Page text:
Global News October 06, 2017

  1. BBC
  2. Global News October 06, 2017

“U.S. Payrolls Fall 33,000 on Storms; Jobless Rate at 4.2%.”

The number of workers on U.S. payrolls declined last month for the first time since 2010, reflecting major disruptions from hurricanes Harvey and Irma, Labor Department figures showed Friday. The jobless rate fell to a new 16-year-low while wage gains accelerated.
The hurricanes had a “net effect” of reducing nonfarm payrolls in September, while there was “no discernible effect” on the national unemployment rate, the Labor Department said in a special note Friday. Data-collection rates “generally were within normal ranges” for both surveys that produce the figures.
The numbers reflect Harvey’s impact on Texas in late August, and Irma’s fallout in Florida in September. Data on the labor market and the rest of the economy may be volatile for several months as the weather effects wash out and rebuilding picks up. Puerto Rico, which was hit by Hurricane Maria last month, isn’t included in payrolls.
The agency’s survey of establishments, which produces the payrolls figure, counts as employed a person who worked at least one hour in the pay period that includes the 12th of the month. Bad weather hurts the payrolls tally if employees got no compensation for that entire pay period.
With the U.S. near full employment, Federal Reserve policy makers have been watching for signs of an acceleration in paychecks that may push inflation closer to their goal. The central bank last month forecast it will raise interest rates once more by year-end, with investors and analysts expecting the move in December.


“In meeting with military, Trump talks of ‘calm before the storm’.”

After discussing Iran and North Korea with U.S. military leaders on Thursday, President Donald Trump posed for a photo with them before dinner and declared the moment “the calm before the storm.”
“In North Korea, our goal is denuclearization,” he said. “We cannot allow this dictatorship to threaten our nation or our allies with unimaginable loss of life. We will do what we must do to prevent that from happening. And it will be done, if necessary, believe me.”
During his speech to the United Nations General Assembly last month, Trump said the United States would “totally destroy” North Korea if needed to defend itself or U.S. allies.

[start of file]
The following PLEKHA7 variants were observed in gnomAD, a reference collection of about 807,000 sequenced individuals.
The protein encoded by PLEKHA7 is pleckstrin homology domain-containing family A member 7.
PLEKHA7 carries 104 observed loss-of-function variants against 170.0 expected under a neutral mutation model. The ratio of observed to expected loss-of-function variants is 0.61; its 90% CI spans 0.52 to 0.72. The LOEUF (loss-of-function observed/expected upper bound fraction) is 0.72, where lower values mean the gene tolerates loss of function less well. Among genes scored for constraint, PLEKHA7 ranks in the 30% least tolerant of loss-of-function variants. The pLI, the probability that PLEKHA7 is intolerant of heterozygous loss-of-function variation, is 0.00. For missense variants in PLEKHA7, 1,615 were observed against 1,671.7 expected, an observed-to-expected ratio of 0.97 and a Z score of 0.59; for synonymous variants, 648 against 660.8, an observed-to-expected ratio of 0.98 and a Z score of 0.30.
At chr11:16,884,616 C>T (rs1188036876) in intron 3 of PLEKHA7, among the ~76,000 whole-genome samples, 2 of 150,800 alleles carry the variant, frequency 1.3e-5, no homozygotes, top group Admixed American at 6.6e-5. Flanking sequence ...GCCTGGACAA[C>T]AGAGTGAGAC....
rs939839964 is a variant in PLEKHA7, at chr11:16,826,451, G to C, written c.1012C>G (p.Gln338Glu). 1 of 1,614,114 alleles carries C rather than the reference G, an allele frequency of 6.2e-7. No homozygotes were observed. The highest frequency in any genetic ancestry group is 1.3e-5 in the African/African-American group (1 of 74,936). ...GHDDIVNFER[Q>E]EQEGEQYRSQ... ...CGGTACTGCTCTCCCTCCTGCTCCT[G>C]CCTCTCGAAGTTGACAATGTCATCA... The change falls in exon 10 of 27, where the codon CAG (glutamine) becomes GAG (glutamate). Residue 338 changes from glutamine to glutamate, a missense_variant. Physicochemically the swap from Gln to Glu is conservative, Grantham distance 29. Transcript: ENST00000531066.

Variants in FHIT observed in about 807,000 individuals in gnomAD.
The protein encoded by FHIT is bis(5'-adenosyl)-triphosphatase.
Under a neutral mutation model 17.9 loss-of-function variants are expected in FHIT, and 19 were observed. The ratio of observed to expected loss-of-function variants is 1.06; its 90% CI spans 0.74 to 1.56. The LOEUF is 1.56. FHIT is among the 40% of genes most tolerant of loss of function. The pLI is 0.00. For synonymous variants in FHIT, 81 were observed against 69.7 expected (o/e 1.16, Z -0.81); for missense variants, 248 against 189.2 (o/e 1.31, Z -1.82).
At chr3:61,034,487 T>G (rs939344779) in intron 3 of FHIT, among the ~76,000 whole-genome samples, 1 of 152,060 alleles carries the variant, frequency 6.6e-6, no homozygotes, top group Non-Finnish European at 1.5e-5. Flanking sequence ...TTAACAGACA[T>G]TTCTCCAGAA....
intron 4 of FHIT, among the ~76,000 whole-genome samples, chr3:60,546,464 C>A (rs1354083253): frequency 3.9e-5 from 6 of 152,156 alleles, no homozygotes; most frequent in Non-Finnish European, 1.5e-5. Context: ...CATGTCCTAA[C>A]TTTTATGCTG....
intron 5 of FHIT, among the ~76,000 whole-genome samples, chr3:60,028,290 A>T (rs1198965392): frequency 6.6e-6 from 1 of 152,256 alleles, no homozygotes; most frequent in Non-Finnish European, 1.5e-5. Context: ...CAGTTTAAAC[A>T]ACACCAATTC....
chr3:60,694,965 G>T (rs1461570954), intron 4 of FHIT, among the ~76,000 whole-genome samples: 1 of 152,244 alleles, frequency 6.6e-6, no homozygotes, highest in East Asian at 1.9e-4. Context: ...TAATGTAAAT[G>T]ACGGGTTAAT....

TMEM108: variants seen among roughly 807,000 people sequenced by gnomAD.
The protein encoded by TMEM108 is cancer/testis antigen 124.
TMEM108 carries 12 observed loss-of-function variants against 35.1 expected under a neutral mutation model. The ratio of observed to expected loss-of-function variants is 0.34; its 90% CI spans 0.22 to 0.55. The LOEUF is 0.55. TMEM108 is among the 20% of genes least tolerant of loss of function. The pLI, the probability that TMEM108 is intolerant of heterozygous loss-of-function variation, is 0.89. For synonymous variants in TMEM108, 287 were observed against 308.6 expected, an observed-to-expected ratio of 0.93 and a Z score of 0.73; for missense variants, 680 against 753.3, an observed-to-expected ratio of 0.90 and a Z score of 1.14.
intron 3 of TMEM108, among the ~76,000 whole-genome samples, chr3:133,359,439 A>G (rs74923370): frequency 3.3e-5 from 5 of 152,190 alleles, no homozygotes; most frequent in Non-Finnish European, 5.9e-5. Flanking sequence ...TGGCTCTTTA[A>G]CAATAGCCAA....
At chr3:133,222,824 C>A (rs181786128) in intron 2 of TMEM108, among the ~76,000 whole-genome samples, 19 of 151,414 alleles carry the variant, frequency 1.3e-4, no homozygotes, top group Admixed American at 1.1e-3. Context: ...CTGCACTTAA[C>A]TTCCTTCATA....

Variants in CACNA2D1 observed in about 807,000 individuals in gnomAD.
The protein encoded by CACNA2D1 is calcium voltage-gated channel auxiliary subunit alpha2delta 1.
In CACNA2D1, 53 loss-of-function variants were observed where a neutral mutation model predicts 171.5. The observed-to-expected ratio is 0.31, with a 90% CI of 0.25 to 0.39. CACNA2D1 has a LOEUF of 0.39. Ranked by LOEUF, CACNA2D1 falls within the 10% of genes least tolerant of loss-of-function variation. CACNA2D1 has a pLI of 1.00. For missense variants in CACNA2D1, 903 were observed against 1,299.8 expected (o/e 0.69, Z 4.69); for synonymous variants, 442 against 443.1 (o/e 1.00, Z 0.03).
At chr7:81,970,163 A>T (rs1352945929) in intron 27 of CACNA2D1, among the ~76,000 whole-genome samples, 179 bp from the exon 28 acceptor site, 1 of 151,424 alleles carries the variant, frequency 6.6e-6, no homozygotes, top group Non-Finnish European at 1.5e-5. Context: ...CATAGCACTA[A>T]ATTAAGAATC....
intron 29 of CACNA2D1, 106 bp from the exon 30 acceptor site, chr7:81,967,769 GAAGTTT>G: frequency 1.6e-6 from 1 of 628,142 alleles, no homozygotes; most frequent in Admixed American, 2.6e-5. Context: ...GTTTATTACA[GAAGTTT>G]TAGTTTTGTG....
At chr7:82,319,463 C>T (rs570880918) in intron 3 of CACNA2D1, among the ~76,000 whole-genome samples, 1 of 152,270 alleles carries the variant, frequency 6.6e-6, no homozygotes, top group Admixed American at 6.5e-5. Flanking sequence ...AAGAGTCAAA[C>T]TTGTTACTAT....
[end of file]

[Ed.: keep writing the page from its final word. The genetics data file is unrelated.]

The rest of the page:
Trump has filled top posts within his administration with military generals, including his chief of staff, retired General John Kelly, and national security adviser, Lieutenant General H.R. McMaster. McMaster, who normally dresses in civilian clothes at the White House, wore his uniform for the meeting.


BBC News
“Spain eases firms’ exit from Catalonia.”

The Spanish cabinet has issued a decree making it easier for companies to relocate their legal headquarters away from Catalonia. Such a decision will now not need the prior approval of shareholders.
One of the region’s biggest lenders, Caixabank, is considering the change in the light of the political crisis there. Another major Catalan bank – Sabadell – decided on Thursday to shift its legal domicile elsewhere in Spain.
The economy ministry said the decree was in response to demand from companies «in the face of difficulties that have arisen for the normal running of their activities in part of the national territory».
The International Monetary Fund’s (IMF) country head in Spain, Andrea Schaechter, has said tensions in Catalonia could affect confidence and investment decisions. However, the IMF has kept its growth forecast for Spain this year unchanged at 3.1%.
The European Union has said it will not recognize an independent Catalonia, which would mean the region would not be subject to EU rules nor protection. Italian asset manager Banca Mediolanum followed Sabadell’s move, saying it would shift the legal base of its Spanish unit to Valencia from Barcelona.
The Catalan business lobby Cercle d’Economia has said it is extremely concerned by the prospect of Catalonia declaring independence and has called for leaders from both sides to hold talks. Spain’s constitutional court has suspended next Monday’s session of the Catalan parliament, in a bid to pre-empt a possible push for independence.


“SEC’s corporate filing system vulnerable to denial of service attacks – memo.”

The U.S. Securities and Exchange Commission (SEC), Wall Street’s top regulator, has discovered a vulnerability in its corporate filing database that could cause the system to collapse, according to an internal document seen by Reuters.
The SEC’s September 22 memo reveals that its EDGAR database, containing financial reports from U.S. public companies and mutual funds, could be at risk of “denial of service” attacks, a type of cyber intrusion that floods a network, overwhelming it and forcing it to close.
The discovery came when the SEC was testing EDGAR’s ability to absorb monthly and annual financial filings that will be required under new rules adopted last year for the $18 trillion mutual fund industry.
The rules adopted last year requiring asset managers to file monthly and annual reports about their portfolio holdings were designed to protect them in the event of a market crisis by showing the SEC and investors that they have enough liquidity to cover a rush of redemptions.
The memo shows that even an unintentional error by a company, and not just hackers with malicious intentions, could bring the system down. Even the submission of a large “invalid” form could overwhelm the system’s memory.
During a Congressional hearing on Wednesday, SEC Chairman Jay Clayton testified that the agency was considering whether to delay the rules in light of the cyber concerns. He did not, however, mention anything about the denial of service attack vulnerability.